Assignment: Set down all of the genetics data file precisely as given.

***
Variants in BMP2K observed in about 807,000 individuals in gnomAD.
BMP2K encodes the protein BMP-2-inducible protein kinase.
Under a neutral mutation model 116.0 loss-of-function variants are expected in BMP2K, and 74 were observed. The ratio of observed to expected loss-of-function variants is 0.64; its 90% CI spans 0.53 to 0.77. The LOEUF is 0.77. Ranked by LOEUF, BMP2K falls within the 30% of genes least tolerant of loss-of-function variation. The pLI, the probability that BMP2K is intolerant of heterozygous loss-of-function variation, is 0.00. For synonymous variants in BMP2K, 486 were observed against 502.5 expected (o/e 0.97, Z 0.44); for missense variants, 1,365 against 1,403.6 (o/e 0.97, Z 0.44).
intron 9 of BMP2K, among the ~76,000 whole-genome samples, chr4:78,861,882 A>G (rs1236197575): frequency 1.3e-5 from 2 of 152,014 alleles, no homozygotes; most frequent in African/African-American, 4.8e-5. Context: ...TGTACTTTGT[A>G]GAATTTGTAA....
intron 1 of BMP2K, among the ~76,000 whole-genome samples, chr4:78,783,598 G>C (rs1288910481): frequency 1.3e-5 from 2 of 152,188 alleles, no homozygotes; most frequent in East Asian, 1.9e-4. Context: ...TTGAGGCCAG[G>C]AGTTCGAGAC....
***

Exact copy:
Variants in BMP2K observed in about 807,000 individuals in gnomAD.
BMP2K encodes the protein BMP-2-inducible protein kinase.
Under a neutral mutation model 116.0 loss-of-function variants are expected in BMP2K, and 74 were observed. The ratio of observed to expected loss-of-function variants is 0.64; its 90% CI spans 0.53 to 0.77. The LOEUF is 0.77. Ranked by LOEUF, BMP2K falls within the 30% of genes least tolerant of loss-of-function variation. The pLI, the probability that BMP2K is intolerant of heterozygous loss-of-function variation, is 0.00. For synonymous variants in BMP2K, 486 were observed against 502.5 expected (o/e 0.97, Z 0.44); for missense variants, 1,365 against 1,403.6 (o/e 0.97, Z 0.44).
intron 9 of BMP2K, among the ~76,000 whole-genome samples, chr4:78,861,882 A>G (rs1236197575): frequency 1.3e-5 from 2 of 152,014 alleles, no homozygotes; most frequent in African/African-American, 4.8e-5. Context: ...TGTACTTTGT[A>G]GAATTTGTAA....
intron 1 of BMP2K, among the ~76,000 whole-genome samples, chr4:78,783,598 G>C (rs1288910481): frequency 1.3e-5 from 2 of 152,188 alleles, no homozygotes; most frequent in East Asian, 1.9e-4. Context: ...TTGAGGCCAG[G>C]AGTTCGAGAC....